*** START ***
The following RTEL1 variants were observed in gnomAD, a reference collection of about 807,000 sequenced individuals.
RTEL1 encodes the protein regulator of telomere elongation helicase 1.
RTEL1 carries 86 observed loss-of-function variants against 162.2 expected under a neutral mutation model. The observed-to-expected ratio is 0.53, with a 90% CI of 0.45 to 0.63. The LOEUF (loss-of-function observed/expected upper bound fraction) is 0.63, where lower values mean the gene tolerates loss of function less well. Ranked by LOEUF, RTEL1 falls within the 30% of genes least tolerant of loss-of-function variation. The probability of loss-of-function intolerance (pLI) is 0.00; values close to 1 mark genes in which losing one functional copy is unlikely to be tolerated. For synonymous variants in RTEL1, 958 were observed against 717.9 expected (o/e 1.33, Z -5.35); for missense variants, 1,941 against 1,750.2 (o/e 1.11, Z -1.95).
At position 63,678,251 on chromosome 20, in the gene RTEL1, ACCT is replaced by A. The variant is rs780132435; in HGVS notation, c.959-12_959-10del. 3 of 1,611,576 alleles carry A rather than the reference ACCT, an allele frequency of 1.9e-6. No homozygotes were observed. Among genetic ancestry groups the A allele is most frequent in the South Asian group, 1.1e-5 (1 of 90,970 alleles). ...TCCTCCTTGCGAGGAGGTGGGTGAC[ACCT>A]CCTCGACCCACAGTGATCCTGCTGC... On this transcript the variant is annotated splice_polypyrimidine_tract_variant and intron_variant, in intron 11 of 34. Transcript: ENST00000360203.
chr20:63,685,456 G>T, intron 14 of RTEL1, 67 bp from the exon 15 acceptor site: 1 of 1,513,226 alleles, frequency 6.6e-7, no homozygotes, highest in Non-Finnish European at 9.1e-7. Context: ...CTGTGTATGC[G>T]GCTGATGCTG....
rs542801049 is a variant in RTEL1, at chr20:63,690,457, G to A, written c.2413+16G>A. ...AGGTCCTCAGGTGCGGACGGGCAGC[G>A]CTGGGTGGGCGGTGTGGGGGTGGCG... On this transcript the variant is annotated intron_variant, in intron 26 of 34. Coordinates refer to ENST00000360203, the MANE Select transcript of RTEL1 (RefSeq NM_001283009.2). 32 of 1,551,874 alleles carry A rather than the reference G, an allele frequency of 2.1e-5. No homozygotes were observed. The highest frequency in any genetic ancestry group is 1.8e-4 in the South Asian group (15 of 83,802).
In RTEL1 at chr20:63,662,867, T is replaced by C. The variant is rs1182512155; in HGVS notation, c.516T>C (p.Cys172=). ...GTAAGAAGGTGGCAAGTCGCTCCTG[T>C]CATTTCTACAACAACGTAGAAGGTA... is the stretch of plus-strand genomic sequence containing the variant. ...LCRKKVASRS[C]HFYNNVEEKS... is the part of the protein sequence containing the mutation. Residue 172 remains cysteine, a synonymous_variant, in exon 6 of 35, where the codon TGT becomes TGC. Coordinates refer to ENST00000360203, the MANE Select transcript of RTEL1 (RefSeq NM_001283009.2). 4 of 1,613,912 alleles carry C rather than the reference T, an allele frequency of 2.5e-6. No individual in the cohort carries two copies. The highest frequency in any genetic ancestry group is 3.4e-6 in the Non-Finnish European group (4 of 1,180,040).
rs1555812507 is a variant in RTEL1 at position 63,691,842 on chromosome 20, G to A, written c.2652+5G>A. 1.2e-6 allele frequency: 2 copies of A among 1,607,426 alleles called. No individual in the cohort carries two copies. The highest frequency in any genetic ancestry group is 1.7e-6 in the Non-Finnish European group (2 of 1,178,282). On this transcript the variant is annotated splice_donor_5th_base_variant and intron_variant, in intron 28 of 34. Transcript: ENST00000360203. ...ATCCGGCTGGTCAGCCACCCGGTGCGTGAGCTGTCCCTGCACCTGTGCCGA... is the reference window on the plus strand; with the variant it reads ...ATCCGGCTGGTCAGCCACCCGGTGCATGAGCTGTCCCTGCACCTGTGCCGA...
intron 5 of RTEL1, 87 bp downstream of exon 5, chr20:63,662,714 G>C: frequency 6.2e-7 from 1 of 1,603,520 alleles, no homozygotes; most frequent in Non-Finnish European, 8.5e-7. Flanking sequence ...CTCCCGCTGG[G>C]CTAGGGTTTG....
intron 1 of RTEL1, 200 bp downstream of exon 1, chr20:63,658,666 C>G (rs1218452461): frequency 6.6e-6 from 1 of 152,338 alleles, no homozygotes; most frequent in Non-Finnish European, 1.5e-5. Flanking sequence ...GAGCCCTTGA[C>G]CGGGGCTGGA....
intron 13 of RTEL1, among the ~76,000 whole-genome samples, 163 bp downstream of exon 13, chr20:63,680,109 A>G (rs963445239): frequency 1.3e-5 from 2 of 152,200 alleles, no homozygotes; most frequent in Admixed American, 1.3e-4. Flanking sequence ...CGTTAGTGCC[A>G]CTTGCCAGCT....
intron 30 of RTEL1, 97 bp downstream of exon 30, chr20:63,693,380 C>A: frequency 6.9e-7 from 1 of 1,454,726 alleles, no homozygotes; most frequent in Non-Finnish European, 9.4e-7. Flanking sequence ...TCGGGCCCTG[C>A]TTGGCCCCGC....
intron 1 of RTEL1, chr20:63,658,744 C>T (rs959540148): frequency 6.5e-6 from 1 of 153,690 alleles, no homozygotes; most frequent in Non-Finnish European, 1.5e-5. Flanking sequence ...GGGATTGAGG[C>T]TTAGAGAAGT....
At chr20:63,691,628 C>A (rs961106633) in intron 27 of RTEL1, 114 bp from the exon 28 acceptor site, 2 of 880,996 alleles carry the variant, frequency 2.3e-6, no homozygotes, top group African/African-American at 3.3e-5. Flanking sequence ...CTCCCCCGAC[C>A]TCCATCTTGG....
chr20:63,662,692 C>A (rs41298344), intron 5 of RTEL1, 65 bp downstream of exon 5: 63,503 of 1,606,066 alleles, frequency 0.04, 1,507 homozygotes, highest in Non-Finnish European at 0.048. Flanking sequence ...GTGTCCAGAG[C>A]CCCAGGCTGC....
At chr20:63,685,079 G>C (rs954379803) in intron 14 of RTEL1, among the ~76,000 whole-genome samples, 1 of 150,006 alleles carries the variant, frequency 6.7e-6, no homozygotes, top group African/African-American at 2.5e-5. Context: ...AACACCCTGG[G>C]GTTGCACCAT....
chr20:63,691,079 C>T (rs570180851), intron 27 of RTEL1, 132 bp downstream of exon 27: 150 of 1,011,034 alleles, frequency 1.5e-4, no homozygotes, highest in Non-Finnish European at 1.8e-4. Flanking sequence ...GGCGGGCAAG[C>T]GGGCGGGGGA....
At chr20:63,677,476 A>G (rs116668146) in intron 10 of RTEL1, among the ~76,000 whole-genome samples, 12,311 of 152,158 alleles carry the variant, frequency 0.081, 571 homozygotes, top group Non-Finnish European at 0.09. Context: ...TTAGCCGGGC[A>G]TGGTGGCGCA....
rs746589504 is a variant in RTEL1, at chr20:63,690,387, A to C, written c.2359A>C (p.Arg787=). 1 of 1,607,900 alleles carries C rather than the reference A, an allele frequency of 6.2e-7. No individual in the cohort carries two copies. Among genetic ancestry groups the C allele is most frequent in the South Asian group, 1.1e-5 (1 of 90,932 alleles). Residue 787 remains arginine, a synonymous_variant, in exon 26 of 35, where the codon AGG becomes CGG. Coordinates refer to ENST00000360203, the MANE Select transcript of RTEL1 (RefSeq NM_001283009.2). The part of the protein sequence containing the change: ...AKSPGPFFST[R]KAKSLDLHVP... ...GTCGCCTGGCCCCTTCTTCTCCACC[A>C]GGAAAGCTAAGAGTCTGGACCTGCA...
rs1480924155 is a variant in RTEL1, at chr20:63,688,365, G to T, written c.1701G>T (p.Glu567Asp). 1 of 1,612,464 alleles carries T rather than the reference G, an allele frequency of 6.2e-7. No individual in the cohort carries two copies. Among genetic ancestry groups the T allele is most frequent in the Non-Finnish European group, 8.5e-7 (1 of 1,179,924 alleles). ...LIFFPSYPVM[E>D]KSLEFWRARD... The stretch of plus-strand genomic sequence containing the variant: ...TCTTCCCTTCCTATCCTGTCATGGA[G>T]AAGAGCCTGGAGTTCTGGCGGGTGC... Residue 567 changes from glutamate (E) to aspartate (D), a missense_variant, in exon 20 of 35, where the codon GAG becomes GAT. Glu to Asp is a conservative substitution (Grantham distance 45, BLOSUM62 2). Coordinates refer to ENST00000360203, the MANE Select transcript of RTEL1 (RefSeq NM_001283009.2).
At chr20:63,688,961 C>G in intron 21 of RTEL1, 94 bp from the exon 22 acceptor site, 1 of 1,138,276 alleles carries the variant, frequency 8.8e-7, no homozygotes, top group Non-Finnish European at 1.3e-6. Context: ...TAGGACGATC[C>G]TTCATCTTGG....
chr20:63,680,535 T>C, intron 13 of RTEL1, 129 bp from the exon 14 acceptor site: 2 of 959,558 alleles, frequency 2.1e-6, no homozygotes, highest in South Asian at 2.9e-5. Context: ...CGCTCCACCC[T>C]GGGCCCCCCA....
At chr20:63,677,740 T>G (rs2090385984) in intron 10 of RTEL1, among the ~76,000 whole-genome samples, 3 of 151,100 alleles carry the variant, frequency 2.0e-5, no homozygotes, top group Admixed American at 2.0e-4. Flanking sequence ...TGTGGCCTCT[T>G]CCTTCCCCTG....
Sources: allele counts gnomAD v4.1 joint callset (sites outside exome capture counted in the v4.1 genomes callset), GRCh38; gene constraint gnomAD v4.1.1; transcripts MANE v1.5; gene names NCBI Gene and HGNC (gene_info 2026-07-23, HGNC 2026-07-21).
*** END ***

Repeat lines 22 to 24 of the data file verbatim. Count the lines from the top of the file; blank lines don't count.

chr20:63,680,535 T>C, intron 13 of RTEL1, 129 bp from the exon 14 acceptor site: 2 of 959,558 alleles, frequency 2.1e-6, no homozygotes, highest in South Asian at 2.9e-5. Context: ...CGCTCCACCC[T>C]GGGCCCCCCA....
At chr20:63,677,740 T>G (rs2090385984) in intron 10 of RTEL1, among the ~76,000 whole-genome samples, 3 of 151,100 alleles carry the variant, frequency 2.0e-5, no homozygotes, top group Admixed American at 2.0e-4. Flanking sequence ...TGTGGCCTCT[T>G]CCTTCCCCTG....
Sources: allele counts gnomAD v4.1 joint callset (sites outside exome capture counted in the v4.1 genomes callset), GRCh38; gene constraint gnomAD v4.1.1; transcripts MANE v1.5; gene names NCBI Gene and HGNC (gene_info 2026-07-23, HGNC 2026-07-21).